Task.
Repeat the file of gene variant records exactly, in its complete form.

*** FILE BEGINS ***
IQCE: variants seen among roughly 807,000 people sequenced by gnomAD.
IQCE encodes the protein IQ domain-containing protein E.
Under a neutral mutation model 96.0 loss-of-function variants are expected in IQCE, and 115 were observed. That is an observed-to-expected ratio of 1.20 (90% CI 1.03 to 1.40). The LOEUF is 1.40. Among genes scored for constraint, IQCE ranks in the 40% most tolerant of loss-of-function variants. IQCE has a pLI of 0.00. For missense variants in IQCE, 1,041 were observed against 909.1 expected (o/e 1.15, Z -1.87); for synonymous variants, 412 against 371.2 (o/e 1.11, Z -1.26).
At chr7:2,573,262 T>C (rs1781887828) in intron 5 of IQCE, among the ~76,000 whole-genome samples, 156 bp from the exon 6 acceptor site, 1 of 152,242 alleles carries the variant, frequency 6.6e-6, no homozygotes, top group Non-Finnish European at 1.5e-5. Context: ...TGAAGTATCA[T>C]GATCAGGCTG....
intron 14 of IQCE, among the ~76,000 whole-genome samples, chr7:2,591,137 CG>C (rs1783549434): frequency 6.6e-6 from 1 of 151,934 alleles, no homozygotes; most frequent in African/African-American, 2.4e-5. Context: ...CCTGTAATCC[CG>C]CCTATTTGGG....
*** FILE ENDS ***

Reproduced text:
IQCE: variants seen among roughly 807,000 people sequenced by gnomAD.
IQCE encodes the protein IQ domain-containing protein E.
Under a neutral mutation model 96.0 loss-of-function variants are expected in IQCE, and 115 were observed. That is an observed-to-expected ratio of 1.20 (90% CI 1.03 to 1.40). The LOEUF is 1.40. Among genes scored for constraint, IQCE ranks in the 40% most tolerant of loss-of-function variants. IQCE has a pLI of 0.00. For missense variants in IQCE, 1,041 were observed against 909.1 expected (o/e 1.15, Z -1.87); for synonymous variants, 412 against 371.2 (o/e 1.11, Z -1.26).
At chr7:2,573,262 T>C (rs1781887828) in intron 5 of IQCE, among the ~76,000 whole-genome samples, 156 bp from the exon 6 acceptor site, 1 of 152,242 alleles carries the variant, frequency 6.6e-6, no homozygotes, top group Non-Finnish European at 1.5e-5. Context: ...TGAAGTATCA[T>C]GATCAGGCTG....
intron 14 of IQCE, among the ~76,000 whole-genome samples, chr7:2,591,137 CG>C (rs1783549434): frequency 6.6e-6 from 1 of 151,934 alleles, no homozygotes; most frequent in African/African-American, 2.4e-5. Context: ...CCTGTAATCC[CG>C]CCTATTTGGG....